HK protesters, police face off in renewed clashes

Updated September 22, 2019

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HONG KONG: A protester throws a molotov cocktail (right) during clashes with police on Saturday. Police fire tear gas (left) in a street to deter the protesters from proceeding further.—Agencies
HONG KONG: A protester throws a molotov cocktail (right) during clashes with police on Saturday. Police fire tear gas (left) in a street to deter the protesters from proceeding further.—Agencies

HONG KONG: Protesters in Hong Kong threw gasoline bombs and police fired tear gas on Saturday in renewed clashes over anti-government grievances.

Hong Kong is in the fourth month of sometimes violent protests that occur every weekend. They started with opposition to a proposed extradition law and have expanded to include demands for greater democracy.

Most protesters in Tuen Mun were peaceful but some threw gasoline bombs and bricks towards police who faced them down the street. They appeared to fall short of the police and there was no indication anyone was hit.

In the evening, protesters gathered at a shopping mall in another district, Yuen Long. Some threw gasoline bombs in the street.

A government statement said some were thrown towards police vehicles, endangering the officers inside, but gave no indication anyone was injured.

In both areas, police with riot helmets and shields responded by firing tear gas.

Elsewhere, scuffles were reported as government supporters heeded a call by a pro-Beijing member of the Hong Kong legislature to tear down protest posters at subway stations.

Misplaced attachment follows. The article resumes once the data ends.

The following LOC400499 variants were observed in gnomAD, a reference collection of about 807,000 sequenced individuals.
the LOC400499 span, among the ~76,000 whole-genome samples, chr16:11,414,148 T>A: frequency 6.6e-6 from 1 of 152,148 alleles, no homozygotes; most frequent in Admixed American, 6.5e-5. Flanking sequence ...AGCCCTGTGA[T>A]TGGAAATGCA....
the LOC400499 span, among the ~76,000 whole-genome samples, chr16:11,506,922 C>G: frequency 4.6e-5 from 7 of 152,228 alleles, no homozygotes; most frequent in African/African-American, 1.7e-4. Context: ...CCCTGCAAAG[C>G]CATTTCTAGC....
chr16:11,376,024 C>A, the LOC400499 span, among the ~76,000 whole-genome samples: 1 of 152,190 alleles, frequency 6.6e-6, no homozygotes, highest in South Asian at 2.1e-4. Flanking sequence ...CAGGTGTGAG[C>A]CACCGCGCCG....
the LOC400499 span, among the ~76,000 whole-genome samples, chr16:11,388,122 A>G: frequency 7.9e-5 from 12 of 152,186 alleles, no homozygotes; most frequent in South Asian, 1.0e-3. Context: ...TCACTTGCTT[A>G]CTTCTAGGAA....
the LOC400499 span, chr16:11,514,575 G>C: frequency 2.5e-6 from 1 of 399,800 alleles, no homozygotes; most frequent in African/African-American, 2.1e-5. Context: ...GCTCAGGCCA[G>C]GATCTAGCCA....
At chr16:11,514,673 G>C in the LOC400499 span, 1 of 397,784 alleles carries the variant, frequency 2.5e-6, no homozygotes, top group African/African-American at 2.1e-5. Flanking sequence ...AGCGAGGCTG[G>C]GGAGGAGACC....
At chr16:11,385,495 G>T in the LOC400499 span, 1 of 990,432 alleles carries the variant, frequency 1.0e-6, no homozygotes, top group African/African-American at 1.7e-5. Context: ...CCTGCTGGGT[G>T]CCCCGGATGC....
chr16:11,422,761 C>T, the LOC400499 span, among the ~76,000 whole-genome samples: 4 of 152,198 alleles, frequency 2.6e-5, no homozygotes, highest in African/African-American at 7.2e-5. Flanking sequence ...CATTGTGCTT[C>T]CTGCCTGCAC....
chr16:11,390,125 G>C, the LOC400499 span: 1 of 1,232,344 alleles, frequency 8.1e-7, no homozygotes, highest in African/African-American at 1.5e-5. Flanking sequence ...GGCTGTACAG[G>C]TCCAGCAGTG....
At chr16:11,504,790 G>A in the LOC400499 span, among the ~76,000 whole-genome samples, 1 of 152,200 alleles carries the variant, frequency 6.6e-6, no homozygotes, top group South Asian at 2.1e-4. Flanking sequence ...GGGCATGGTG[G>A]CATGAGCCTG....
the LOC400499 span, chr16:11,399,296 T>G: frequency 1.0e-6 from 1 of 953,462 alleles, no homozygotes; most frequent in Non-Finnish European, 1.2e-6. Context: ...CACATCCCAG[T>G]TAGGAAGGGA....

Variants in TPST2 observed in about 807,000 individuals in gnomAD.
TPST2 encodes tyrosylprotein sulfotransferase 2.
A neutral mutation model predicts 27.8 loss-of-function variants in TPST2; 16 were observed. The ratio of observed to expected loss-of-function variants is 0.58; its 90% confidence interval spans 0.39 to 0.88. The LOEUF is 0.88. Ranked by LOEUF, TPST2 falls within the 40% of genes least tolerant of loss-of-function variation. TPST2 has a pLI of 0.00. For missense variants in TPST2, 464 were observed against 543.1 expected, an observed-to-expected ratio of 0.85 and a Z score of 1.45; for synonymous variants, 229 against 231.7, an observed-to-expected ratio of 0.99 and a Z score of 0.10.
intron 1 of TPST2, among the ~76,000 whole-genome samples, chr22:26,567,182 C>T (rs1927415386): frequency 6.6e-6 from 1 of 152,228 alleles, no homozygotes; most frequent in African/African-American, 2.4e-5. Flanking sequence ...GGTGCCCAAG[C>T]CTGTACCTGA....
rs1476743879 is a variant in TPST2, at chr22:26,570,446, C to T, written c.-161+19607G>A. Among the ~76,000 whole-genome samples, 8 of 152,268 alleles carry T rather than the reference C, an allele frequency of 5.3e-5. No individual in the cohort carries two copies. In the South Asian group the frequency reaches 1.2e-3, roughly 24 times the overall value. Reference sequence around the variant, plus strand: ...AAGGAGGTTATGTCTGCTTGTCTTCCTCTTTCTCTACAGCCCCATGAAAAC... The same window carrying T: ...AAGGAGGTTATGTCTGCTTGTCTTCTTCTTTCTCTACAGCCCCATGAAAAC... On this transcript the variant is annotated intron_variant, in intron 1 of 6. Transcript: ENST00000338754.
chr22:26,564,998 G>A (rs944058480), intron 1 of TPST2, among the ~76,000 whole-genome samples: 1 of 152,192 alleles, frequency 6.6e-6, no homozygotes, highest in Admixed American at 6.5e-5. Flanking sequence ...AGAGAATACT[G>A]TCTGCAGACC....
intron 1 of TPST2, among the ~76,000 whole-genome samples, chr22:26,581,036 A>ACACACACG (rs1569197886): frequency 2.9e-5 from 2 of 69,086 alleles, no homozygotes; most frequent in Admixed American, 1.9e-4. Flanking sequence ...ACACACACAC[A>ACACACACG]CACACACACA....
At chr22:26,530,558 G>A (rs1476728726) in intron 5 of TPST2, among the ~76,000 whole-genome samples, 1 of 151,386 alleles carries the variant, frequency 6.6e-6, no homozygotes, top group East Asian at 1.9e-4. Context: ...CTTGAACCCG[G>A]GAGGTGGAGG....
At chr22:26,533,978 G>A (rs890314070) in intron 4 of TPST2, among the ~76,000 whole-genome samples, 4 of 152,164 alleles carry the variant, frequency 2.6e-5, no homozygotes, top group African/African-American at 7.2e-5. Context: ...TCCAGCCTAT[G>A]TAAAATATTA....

The events are an embarrassment for China’s Communist Party ahead of Oct 1 celebrations of its 70th anniversary in power. Hong Kong’s government has cancelled a fireworks display that day, citing concern for public safety.

Protesters chanted, “Reclaim Hong Kong!” and “Revolution of our times!” Most were peaceful but some took down a Chinese flag from a pole outside a government office and set fire to it. Protesters also set up barricades to block traffic.

A government statement said protesters caused unspecified damage to the Tuen Mun light rail station and threw objects onto the tracks.

An organiser quoted by government broadcaster RTHK criticized police for sending armed anti-riot officers. That will “only escalate tension between protesters and police”, the organiser, Michael Mo, was quoted as saying.

Hong Kong’s leader, Chief Executive Carrie Lam, has agreed to withdraw the extradition bill. But protesters are pressing other demands, including an independent investigation of complaints about police violence during earlier demonstrations.

Protesters complain Beijing and Lam’s government are eroding the “high degree of autonomy” and Western-style civil liberties promised to the former British colony when it was returned to China in 1997.

The protests have begun to weigh on Hong Kong’s economy, which already was slowing due to cooling global consumer demand. The Hong Kong airport said passenger traffic fell in August. Business is off at hotels and retailers.

Police refused permission for Saturday’s march but an appeal tribunal agreed to allow a two-hour event.

Meanwhile, the Hong Kong airport announced restrictions on access on Sunday following what it said were calls to disrupt traffic there.

The airport train from downtown will skip Kowloon and other stops en route, the Airport Authority said. Only passengers with valid tickets and travel documents will be allowed into the airport.

Published in Dawn, September 22nd, 2019